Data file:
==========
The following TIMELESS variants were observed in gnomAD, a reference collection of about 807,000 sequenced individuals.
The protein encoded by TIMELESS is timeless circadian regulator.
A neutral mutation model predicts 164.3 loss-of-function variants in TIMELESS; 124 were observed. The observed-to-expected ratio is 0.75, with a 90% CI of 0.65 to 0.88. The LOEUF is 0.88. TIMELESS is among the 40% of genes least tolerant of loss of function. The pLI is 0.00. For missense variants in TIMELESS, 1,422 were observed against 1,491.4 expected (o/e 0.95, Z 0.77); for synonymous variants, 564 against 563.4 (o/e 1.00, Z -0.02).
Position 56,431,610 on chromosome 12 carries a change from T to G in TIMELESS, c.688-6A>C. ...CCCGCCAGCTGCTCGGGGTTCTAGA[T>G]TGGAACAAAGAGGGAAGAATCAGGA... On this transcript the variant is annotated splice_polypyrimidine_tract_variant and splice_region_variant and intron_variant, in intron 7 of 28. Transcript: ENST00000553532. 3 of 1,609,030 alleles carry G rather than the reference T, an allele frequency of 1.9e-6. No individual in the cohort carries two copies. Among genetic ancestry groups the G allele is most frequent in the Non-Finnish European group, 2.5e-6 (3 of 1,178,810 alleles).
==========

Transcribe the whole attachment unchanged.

The following TIMELESS variants were observed in gnomAD, a reference collection of about 807,000 sequenced individuals.
The protein encoded by TIMELESS is timeless circadian regulator.
A neutral mutation model predicts 164.3 loss-of-function variants in TIMELESS; 124 were observed. The observed-to-expected ratio is 0.75, with a 90% CI of 0.65 to 0.88. The LOEUF is 0.88. TIMELESS is among the 40% of genes least tolerant of loss of function. The pLI is 0.00. For missense variants in TIMELESS, 1,422 were observed against 1,491.4 expected (o/e 0.95, Z 0.77); for synonymous variants, 564 against 563.4 (o/e 1.00, Z -0.02).
Position 56,431,610 on chromosome 12 carries a change from T to G in TIMELESS, c.688-6A>C. ...CCCGCCAGCTGCTCGGGGTTCTAGA[T>G]TGGAACAAAGAGGGAAGAATCAGGA... On this transcript the variant is annotated splice_polypyrimidine_tract_variant and splice_region_variant and intron_variant, in intron 7 of 28. Transcript: ENST00000553532. 3 of 1,609,030 alleles carry G rather than the reference T, an allele frequency of 1.9e-6. No individual in the cohort carries two copies. Among genetic ancestry groups the G allele is most frequent in the Non-Finnish European group, 2.5e-6 (3 of 1,178,810 alleles).